Dr. Diandra: How teams race the same NASCAR Cup car at different tracks


After winning last week, Ross Chastain‘s crew chief Phil Surgen noted that the car sitting in Talladega’s Victory Lane was the same car they’d won with at COTA.

“Really comes down to just the whole Next Gen platform,” Surgen said. “All the cars are the same, have the same range of adjustments, same group of parts. All the cars right now are essentially universal. We took that car after it was done at COTA, cleaned it up, set it up a little bit differently to come here.”

It turns out “cleaning up” a Next Gen car and setting it up “a little bit differently” is a major undertaking. So much of one that you may question whether it’s even fair to call it “the same car.”

Next Gen anatomy

Think of a car’s chassis as its skeleton. Before the Next Gen car, teams made their own chassis by welding steel tubing to NASCAR’s specifications. Now teams buy already welded chassis pieces and bolt them together. The change is similar to making a bespoke bookcase versus buying one from IKEA. While your sturdy, made-from-scratch furniture will never change, you can disassemble and re-assemble the IKEA bookcase. Of course NASCAR has tech inspections and IKEA doesn’t.


A graphic showing the five parts of the Next Gen chassis.
Graphic credit: NASCAR Rule Book

The main portion of the chassis comes in three pieces, as shown in the diagram above. The center section protects the driver from impacts, heat, flames and fumes. The front sub-frame assembly supports the engine and front suspension (among other things), and the rear sub-frame assembly does the same for the fuel cell and rear suspension.

Everything on the car, from suspension to body panels, attaches to the chassis. That means every aspect of the assembled car depends on precise chassis assembly.

A tolerance for units

NASCAR fabricators (and inspectors) talk in thousandths of inches. Sometimes, instead of saying ‘thousandths’, they say ‘thou’. This confuses people because most of us think ‘thou’ is thousands instead of thousandths. A thousand is 1,000 and a thousandth is 0.001. When I learned machining in graduate school, we called one one-thousandth of an inch a mil. You’ve likely seen that unit before on trash-bag boxes. A typical kitchen trash bag is a little less than a mil thick. A good outdoor trash bag is about three mils.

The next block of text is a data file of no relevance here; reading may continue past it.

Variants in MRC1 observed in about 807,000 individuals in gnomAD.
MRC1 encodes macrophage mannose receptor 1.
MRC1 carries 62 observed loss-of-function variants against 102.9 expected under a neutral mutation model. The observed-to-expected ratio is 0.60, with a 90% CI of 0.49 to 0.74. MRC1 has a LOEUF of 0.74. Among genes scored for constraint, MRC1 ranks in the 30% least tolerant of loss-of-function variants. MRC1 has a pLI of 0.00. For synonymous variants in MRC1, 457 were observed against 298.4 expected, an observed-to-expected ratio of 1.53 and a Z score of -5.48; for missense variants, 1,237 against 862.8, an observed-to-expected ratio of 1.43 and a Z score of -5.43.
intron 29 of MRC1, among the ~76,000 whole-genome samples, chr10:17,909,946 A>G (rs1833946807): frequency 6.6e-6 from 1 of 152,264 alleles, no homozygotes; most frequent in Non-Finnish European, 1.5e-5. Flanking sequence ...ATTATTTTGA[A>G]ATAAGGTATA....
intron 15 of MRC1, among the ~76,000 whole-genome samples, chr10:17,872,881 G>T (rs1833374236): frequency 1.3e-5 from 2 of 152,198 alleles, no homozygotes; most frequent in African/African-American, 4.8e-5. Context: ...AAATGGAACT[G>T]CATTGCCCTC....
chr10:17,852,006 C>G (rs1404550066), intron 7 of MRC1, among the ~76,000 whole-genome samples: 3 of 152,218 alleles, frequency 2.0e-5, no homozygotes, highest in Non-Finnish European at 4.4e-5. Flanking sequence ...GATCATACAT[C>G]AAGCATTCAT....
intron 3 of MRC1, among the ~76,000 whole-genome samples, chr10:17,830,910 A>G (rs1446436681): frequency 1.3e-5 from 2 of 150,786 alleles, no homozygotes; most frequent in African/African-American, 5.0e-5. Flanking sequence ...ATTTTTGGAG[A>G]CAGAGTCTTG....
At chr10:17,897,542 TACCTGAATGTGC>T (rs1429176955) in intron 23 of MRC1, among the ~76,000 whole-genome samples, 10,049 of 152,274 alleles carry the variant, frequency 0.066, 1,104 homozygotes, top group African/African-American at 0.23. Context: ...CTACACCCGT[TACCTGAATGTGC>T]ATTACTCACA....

But since NASCAR sticks with thousandths, so will I.

To give you an idea of the sizes we’re discussing, here’s a photo of a ruler onto which I’ve superposed some values.

A photo of a ruler, with units shown in mils


As the graphic shows, 250 thousandths is 1/4 inch, 125 thousandths is 1/8 inch, and 0.160 inches is a little over 5/32 of an inch.

Why did I pick 0.160 thousandths?

Because that’s the maximum value of a little-talked-about part used in connecting chassis pieces. A part that gives teams the ability to introduce small amounts of asymmetry into the car.


Shims are pieces of material typically used as fillers and spacers. You’ve probably seen packs of wedge-shaped wood shims in the home improvement store. They taper from just about nothing to a quarter inch. You break off the size you need. Those shims are good for things like leveling cabinets against an uneven floor or wall.

Precision shims, such as those used in manufacturing, can be made of any material and often come in increments of one one-thousandth of an inch (0.001″).

NASCAR allows teams to put shims of up to 160 thousandths of an inch between the main section and each of the sub-assemblies. In the diagram below, the shims are in red, the bolts used to attach them to the front sub-assembly are in dark blue, and the nuts are orange.